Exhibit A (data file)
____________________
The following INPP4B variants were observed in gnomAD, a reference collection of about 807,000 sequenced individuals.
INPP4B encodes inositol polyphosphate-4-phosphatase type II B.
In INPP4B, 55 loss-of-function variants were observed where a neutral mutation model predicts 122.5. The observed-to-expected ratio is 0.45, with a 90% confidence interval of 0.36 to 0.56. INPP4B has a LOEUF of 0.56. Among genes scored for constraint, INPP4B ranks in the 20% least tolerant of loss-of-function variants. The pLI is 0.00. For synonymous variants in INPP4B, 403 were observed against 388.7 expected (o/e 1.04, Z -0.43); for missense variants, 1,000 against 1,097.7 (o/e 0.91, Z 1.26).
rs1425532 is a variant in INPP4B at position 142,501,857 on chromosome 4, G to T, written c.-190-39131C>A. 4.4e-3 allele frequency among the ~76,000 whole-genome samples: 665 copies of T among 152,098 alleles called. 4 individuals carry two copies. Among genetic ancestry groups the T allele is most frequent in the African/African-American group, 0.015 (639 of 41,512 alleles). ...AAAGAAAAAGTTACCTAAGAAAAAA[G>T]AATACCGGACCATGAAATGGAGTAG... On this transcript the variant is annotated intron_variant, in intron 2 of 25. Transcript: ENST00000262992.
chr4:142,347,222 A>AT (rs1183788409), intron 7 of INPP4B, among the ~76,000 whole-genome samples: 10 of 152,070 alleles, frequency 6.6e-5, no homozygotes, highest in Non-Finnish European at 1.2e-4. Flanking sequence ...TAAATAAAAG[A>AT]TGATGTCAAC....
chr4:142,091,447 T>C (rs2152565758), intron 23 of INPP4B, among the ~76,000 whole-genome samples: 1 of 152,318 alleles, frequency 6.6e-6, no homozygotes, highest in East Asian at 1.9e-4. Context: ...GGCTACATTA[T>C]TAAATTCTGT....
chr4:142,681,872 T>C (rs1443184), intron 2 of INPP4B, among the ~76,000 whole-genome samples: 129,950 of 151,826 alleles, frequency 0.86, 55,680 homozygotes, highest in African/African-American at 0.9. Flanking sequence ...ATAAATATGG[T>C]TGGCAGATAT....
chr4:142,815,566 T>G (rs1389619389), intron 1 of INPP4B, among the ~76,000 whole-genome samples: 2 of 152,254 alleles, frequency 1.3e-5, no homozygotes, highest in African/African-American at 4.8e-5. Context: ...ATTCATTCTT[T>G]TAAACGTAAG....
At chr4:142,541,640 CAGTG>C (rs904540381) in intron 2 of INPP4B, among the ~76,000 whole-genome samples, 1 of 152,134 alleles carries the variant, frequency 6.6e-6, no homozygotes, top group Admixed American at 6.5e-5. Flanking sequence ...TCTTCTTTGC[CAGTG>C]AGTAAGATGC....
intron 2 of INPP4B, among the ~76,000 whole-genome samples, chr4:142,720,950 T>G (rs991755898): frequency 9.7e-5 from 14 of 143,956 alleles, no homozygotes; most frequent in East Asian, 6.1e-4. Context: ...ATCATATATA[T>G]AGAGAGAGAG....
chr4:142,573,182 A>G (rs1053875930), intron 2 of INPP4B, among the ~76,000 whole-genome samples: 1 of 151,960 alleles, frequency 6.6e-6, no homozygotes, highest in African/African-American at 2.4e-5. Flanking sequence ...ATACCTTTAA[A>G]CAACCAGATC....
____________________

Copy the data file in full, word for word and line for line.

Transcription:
The following INPP4B variants were observed in gnomAD, a reference collection of about 807,000 sequenced individuals.
INPP4B encodes inositol polyphosphate-4-phosphatase type II B.
In INPP4B, 55 loss-of-function variants were observed where a neutral mutation model predicts 122.5. The observed-to-expected ratio is 0.45, with a 90% confidence interval of 0.36 to 0.56. INPP4B has a LOEUF of 0.56. Among genes scored for constraint, INPP4B ranks in the 20% least tolerant of loss-of-function variants. The pLI is 0.00. For synonymous variants in INPP4B, 403 were observed against 388.7 expected (o/e 1.04, Z -0.43); for missense variants, 1,000 against 1,097.7 (o/e 0.91, Z 1.26).
rs1425532 is a variant in INPP4B at position 142,501,857 on chromosome 4, G to T, written c.-190-39131C>A. 4.4e-3 allele frequency among the ~76,000 whole-genome samples: 665 copies of T among 152,098 alleles called. 4 individuals carry two copies. Among genetic ancestry groups the T allele is most frequent in the African/African-American group, 0.015 (639 of 41,512 alleles). ...AAAGAAAAAGTTACCTAAGAAAAAA[G>T]AATACCGGACCATGAAATGGAGTAG... On this transcript the variant is annotated intron_variant, in intron 2 of 25. Transcript: ENST00000262992.
chr4:142,347,222 A>AT (rs1183788409), intron 7 of INPP4B, among the ~76,000 whole-genome samples: 10 of 152,070 alleles, frequency 6.6e-5, no homozygotes, highest in Non-Finnish European at 1.2e-4. Flanking sequence ...TAAATAAAAG[A>AT]TGATGTCAAC....
chr4:142,091,447 T>C (rs2152565758), intron 23 of INPP4B, among the ~76,000 whole-genome samples: 1 of 152,318 alleles, frequency 6.6e-6, no homozygotes, highest in East Asian at 1.9e-4. Context: ...GGCTACATTA[T>C]TAAATTCTGT....
chr4:142,681,872 T>C (rs1443184), intron 2 of INPP4B, among the ~76,000 whole-genome samples: 129,950 of 151,826 alleles, frequency 0.86, 55,680 homozygotes, highest in African/African-American at 0.9. Flanking sequence ...ATAAATATGG[T>C]TGGCAGATAT....
chr4:142,815,566 T>G (rs1389619389), intron 1 of INPP4B, among the ~76,000 whole-genome samples: 2 of 152,254 alleles, frequency 1.3e-5, no homozygotes, highest in African/African-American at 4.8e-5. Context: ...ATTCATTCTT[T>G]TAAACGTAAG....
At chr4:142,541,640 CAGTG>C (rs904540381) in intron 2 of INPP4B, among the ~76,000 whole-genome samples, 1 of 152,134 alleles carries the variant, frequency 6.6e-6, no homozygotes, top group Admixed American at 6.5e-5. Flanking sequence ...TCTTCTTTGC[CAGTG>C]AGTAAGATGC....
intron 2 of INPP4B, among the ~76,000 whole-genome samples, chr4:142,720,950 T>G (rs991755898): frequency 9.7e-5 from 14 of 143,956 alleles, no homozygotes; most frequent in East Asian, 6.1e-4. Context: ...ATCATATATA[T>G]AGAGAGAGAG....
chr4:142,573,182 A>G (rs1053875930), intron 2 of INPP4B, among the ~76,000 whole-genome samples: 1 of 151,960 alleles, frequency 6.6e-6, no homozygotes, highest in African/African-American at 2.4e-5. Flanking sequence ...ATACCTTTAA[A>G]CAACCAGATC....